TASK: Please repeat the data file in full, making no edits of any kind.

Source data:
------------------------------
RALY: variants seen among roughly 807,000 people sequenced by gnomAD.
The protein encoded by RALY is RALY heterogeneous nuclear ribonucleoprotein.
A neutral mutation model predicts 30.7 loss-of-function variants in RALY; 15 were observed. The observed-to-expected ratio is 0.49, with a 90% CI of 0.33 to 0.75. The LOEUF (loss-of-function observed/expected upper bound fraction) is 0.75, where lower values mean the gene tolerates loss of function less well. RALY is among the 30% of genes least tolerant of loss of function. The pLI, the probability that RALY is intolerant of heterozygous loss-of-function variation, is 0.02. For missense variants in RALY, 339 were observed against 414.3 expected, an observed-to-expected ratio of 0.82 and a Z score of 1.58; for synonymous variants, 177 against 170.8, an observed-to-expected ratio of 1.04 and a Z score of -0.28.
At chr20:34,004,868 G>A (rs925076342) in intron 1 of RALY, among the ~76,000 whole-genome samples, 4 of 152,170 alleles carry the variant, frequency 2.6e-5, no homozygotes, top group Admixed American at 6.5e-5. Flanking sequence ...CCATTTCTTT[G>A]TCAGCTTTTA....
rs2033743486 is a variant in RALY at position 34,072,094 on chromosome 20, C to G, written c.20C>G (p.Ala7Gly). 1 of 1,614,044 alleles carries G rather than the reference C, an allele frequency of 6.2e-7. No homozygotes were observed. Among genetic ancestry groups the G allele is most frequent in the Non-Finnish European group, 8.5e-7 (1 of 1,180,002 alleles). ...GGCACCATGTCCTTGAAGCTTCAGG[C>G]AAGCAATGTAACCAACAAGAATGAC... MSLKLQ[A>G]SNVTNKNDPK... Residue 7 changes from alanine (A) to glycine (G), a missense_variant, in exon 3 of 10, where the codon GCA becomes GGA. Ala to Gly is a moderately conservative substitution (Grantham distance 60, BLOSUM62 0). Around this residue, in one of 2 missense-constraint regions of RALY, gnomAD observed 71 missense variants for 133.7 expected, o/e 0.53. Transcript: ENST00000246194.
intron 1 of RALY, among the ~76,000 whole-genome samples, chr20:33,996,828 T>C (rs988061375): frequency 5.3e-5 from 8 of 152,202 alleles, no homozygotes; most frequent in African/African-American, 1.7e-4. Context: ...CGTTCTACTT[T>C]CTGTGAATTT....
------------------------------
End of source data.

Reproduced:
RALY: variants seen among roughly 807,000 people sequenced by gnomAD.
The protein encoded by RALY is RALY heterogeneous nuclear ribonucleoprotein.
A neutral mutation model predicts 30.7 loss-of-function variants in RALY; 15 were observed. The observed-to-expected ratio is 0.49, with a 90% CI of 0.33 to 0.75. The LOEUF (loss-of-function observed/expected upper bound fraction) is 0.75, where lower values mean the gene tolerates loss of function less well. RALY is among the 30% of genes least tolerant of loss of function. The pLI, the probability that RALY is intolerant of heterozygous loss-of-function variation, is 0.02. For missense variants in RALY, 339 were observed against 414.3 expected, an observed-to-expected ratio of 0.82 and a Z score of 1.58; for synonymous variants, 177 against 170.8, an observed-to-expected ratio of 1.04 and a Z score of -0.28.
At chr20:34,004,868 G>A (rs925076342) in intron 1 of RALY, among the ~76,000 whole-genome samples, 4 of 152,170 alleles carry the variant, frequency 2.6e-5, no homozygotes, top group Admixed American at 6.5e-5. Flanking sequence ...CCATTTCTTT[G>A]TCAGCTTTTA....
rs2033743486 is a variant in RALY at position 34,072,094 on chromosome 20, C to G, written c.20C>G (p.Ala7Gly). 1 of 1,614,044 alleles carries G rather than the reference C, an allele frequency of 6.2e-7. No homozygotes were observed. Among genetic ancestry groups the G allele is most frequent in the Non-Finnish European group, 8.5e-7 (1 of 1,180,002 alleles). ...GGCACCATGTCCTTGAAGCTTCAGG[C>G]AAGCAATGTAACCAACAAGAATGAC... MSLKLQ[A>G]SNVTNKNDPK... Residue 7 changes from alanine (A) to glycine (G), a missense_variant, in exon 3 of 10, where the codon GCA becomes GGA. Ala to Gly is a moderately conservative substitution (Grantham distance 60, BLOSUM62 0). Around this residue, in one of 2 missense-constraint regions of RALY, gnomAD observed 71 missense variants for 133.7 expected, o/e 0.53. Transcript: ENST00000246194.
intron 1 of RALY, among the ~76,000 whole-genome samples, chr20:33,996,828 T>C (rs988061375): frequency 5.3e-5 from 8 of 152,202 alleles, no homozygotes; most frequent in African/African-American, 1.7e-4. Context: ...CGTTCTACTT[T>C]CTGTGAATTT....